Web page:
Melrose Hosiery Mill No. 1, High Point, Guilford County, listed 11/3/2020

Melrose Hosiery Mill No. 1 possesses local significance under Criterion A due to its industrial importance and Criterion C as a representative example of industrial and commercial architectural design in High Point during the 20th century’s second quarter. Established in 1922 by brothers Robert Thomas Amos and Charles Lee Amos, the concern was High Point’s second-largest hosiery manufacturer for much of its history and a driving force in High Point’s economy until its 1971 closure. Melrose Hosiery Mill No. 1 remains a cohesive collection of largely intact 1922-1956 buildings that display the evolution of industrial and commercial design during that period. The 1924 factory and dye house and 1928 and 1931 additions are characterized by heavy-timber and steel post-and-beam interior structural systems, load-bearing brick exterior walls, double-thickness wood and concrete floors, and kalamein doors, all typical in early-20th-century fire-resistant industrial architecture. Large multipane steel sash with hoppers, long roof monitors, and skylights provided ample light and ventilation. The 1928 and early 1950s additions incorporate structural-steel framing systems frequently used during the mid-20th  century. The 1928 storefronts, enlivened by classical and Art Deco stylistic elements, variegated patterned brick with cast-stone accents, prismatic and leaded-glass transoms, copper cornices, and brick and ceramic-tile kneewalls, exemplify the Commercial Style.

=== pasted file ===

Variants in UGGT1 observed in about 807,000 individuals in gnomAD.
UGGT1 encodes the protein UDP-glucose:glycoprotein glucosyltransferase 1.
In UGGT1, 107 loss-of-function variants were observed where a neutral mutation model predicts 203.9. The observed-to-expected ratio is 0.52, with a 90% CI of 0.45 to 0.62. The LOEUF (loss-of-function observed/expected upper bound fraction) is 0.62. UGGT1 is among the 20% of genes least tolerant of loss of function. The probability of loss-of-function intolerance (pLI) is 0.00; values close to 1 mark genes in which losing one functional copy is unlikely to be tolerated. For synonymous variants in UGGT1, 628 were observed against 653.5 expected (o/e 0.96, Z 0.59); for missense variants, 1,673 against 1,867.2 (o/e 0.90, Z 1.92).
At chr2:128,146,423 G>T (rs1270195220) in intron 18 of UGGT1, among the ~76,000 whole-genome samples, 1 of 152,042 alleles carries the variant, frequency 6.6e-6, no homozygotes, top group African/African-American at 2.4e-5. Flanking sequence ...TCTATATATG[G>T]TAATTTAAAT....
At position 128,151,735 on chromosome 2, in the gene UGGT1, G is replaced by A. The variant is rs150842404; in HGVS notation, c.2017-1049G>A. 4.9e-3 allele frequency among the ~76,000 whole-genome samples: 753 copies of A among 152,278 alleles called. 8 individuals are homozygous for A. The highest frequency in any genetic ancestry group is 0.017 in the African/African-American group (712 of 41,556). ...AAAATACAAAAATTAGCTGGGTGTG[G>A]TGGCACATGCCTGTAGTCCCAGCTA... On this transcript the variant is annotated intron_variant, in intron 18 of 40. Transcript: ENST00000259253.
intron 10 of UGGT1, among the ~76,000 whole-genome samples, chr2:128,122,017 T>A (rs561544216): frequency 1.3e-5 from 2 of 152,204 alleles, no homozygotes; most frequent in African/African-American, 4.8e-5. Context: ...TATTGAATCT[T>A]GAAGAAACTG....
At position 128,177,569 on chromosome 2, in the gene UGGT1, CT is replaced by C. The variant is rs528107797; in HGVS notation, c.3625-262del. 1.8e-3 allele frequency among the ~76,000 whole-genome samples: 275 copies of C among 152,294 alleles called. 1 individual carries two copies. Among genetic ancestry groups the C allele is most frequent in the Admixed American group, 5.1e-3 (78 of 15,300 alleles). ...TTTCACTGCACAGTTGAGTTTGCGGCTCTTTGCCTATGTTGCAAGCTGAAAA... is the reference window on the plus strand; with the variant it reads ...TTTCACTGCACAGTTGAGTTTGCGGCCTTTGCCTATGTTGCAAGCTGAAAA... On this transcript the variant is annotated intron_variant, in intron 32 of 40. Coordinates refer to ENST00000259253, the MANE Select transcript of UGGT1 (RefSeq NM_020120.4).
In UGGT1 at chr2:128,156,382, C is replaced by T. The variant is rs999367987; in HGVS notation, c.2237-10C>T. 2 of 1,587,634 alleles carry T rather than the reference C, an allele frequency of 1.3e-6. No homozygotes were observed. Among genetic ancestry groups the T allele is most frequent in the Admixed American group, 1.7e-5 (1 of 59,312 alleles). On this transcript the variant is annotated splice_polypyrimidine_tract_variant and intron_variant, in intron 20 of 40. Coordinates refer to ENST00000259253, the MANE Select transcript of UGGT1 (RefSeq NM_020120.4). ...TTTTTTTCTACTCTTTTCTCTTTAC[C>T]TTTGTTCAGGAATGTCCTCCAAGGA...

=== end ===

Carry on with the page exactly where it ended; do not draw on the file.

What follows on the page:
St. Paul’s Episcopal Church, Winston-Salem, Forsyth County, listed 11/5/2020

St. Paul’s Episcopal Church, constructed between 1928-1929, meets Criterion C for listing in the National Register for its local architectural significance as a monumental and richly detailed late Gothic Revival-style church reflecting Winston-Salem’s “Era of Success.” It is also architecturally significant as the work of an architect of national prominence, Ralph Adams Cram. Cram designed St. Paul’s sanctuary with massive sandstone columns, slate and marble floors, wood-beamed ceilings, stained-glass windows, and rich wood carving throughout the chancel. With its south wing and floors beneath the sanctuary, the church was planned to provide for all the needs of the congregation within one building. In 1957, architect Luther Lashmit designed an education building that was minimally attached to the north side of the church. During the years 2002 to 2005, that addition was remodeled and enlarged according to designs by Marianna Thomas Architects. However, the topography of the site was used to advantage, and the size of the addition was minimized in relationship to the church, as was its physical connection to the church.

Trenton Cotton Mills, Gastonia, Gaston County, listed 11/3/2020